Apple is at the centre of a rare security scare, after research group ZecOps revealed a bug in the Mail app used by iPhones and iPads, which made devices susceptible to sophisticated attacks.

The problem is very serious, as the researchers said the flaw had been exploited at least six times for high-profile victims by nation state hackers, and Apple had unaware of the flaw for years.

To make matters worse, users do not need to download any external software or visit a website that contains malicious software (i.e malware) in order to become a victim. Apple meanwhile has promised a fix in upcoming updates.

Email bug

According to the research published by ZecOps, the flaw “allows remote code execution capabilities and enables an attacker to remotely infect a device by sending emails that consume significant amount of memory.”

It said that the vulnerabilities were triggered in-the-wild, and the vulnerabilities “exist at least since iOS 6 – (issue date: September 2012) – when iPhone 5 was released.”

“Following a routine iOS Digital Forensics and Incident Response (DFIR) investigation, ZecOps found a number of suspicious events that affecting the default Mail application on iOS dating as far back as Jan 2018,” the firm said.

“ZecOps analysed these events and discovered an exploitable vulnerability affecting Apple’s iPhones and iPads,” it added. “ZecOps detected multiple triggers in the wild to this vulnerability on enterprise users, VIPs, and MSSPs, over a prolonged period of time.”

According to ZecOps, the flaw centres on attackers sending a specially crafted blank email through the Mail app, which forces a crash and reset of the Apple device.

The crash then open the door for hackers to steal other data on the device, such as photos and contact details.

And ZecOps also warns the flaw could give access to whatever the Mail app had access to, including confidential messages for example.

And this flaw has been used by attackers in at least six cases, and ZecOps said that suspected victims included individuals from a Fortune 500 organisation in North America; an executive from a carrier in Japan; a VIP from Germany; a journalist in Europe, an executive with a Swiss company, and finally staff of tech firms in Saudi Arabia and Israel.


“We believe that these attacks are correlative with at least one nation-state threat operator or a nation-state that purchased the exploit from a third-party researcher in a Proof of Concept (POC) grade and used ‘as-is’ or with minor modifications (hence the 4141..41 strings),” warned ZecOps.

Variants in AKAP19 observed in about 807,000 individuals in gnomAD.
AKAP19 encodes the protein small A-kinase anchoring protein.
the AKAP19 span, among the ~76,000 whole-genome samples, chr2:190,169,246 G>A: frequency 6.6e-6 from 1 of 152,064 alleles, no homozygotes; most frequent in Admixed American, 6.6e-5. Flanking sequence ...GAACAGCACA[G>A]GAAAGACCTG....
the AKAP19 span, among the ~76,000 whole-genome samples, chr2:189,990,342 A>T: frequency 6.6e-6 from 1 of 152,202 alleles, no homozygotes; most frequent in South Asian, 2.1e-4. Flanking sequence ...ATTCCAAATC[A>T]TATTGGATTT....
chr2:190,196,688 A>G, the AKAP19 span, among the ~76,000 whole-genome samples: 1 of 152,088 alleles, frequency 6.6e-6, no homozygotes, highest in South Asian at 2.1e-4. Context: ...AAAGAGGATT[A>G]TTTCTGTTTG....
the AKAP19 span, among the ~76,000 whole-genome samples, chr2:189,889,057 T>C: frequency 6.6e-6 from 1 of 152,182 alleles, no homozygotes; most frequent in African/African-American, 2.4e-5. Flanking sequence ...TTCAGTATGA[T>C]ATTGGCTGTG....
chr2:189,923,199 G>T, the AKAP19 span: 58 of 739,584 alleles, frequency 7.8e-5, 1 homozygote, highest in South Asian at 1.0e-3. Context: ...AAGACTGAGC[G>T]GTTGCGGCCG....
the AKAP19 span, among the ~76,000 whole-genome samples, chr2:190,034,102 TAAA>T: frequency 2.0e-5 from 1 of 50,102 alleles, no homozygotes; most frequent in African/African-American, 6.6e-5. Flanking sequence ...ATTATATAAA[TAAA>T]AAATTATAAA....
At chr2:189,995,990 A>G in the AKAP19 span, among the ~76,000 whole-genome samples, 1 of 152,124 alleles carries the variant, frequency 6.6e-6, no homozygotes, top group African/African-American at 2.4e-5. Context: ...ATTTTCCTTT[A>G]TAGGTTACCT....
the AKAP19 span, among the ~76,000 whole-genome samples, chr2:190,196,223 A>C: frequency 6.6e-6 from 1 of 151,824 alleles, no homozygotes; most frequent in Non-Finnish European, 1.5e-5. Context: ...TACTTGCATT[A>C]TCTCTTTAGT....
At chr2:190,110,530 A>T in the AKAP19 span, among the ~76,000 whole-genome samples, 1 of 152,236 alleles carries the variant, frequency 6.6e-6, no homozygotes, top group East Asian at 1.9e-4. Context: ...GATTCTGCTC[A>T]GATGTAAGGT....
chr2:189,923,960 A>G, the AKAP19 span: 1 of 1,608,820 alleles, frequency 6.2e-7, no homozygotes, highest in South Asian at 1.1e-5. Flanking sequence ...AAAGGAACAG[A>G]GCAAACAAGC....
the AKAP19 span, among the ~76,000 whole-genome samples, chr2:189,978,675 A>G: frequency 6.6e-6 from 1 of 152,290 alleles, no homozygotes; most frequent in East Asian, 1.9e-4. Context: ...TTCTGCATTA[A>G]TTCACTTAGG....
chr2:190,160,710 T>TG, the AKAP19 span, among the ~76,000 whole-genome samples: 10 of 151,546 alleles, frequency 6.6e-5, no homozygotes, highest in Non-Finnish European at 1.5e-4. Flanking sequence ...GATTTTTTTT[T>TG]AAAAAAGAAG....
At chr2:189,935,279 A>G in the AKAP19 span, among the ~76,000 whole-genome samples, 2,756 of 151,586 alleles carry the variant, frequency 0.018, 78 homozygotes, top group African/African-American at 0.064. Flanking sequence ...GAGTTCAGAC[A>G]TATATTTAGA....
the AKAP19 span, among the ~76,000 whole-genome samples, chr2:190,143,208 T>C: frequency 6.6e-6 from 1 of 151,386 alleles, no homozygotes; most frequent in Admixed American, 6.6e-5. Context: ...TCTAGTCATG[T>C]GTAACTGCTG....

ZecOps however refrained from attributing these attacks to a specific threat actor.

An Apple spokesman acknowledged to Reuters that a vulnerability exists.

The company said it had developed a fix, which will be rolled out in a forthcoming update.

Expert view

Security experts warned that the flaw was extremely serious, given that smartphones tend to be highly valuable targets as they offer access to bank accounts, messages, and cloud accounts.

“As we have seen in the past, sophisticated attacks on high value – or high profile – targets aim to leverage exploit chains starting with a one-click or zero-click attack to increase their chances of success,” said Christoph Hebeisen, director of security intelligence research at Lookout.

“Surveillance tooling using such exploits is available for sale and, in some cases, as a service by third parties,” said Hebeisen. “The rising prevalence of such attacks indicates that attackers are becoming increasingly aware that mobile devices are the most valuable targets for surveillance and spying. Not only do these devices offer access to user documents, communications, and cloud accounts, they can also act as a live surveillance tool by virtue of their sensors, such as the microphone, camera, and GPS device.”

“This incident demonstrates how even the most well-maintained, fully upgraded mobile operating systems can be susceptible to attacks and compromise,” said Hebeisen. “Third-party security solutions can detect and defend against the impact of device compromise, malicious apps, and phishing attacks against mobile devices.”

Another expert highlighted the fact that the flaw has been sitting undetected on Apple device since 2012.

“These attacks on iOS devices have been exploited for more than two years by nation states and professional hacking organisations and affect all versions of iOS from as early as 2012,” said Chris Clements, VP of solutions architecture at Cerberus Sentinel.

“The attack affects the built-in iOS Mail app but not other popular emails apps such as Outlook or Gmail,” said Clements. “You must assume that any attacker with enough ability or financial backing has access to sure-fire exploits that can take control of computers or devices running any operating system or application.”

“These exploits are specially designed to go undetected by anti-virus, firewalls, and other front-line security controls,” said Clements. “The only way to defend against such attacks is to have a culture of security with defence in-depth capabilities including close monitoring of security logs and anomalous network traffic.”

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Tom Jowitt

Tom Jowitt is a leading British tech freelancer and long standing contributor to Silicon UK. He is also a bit of a Lord of the Rings nut...

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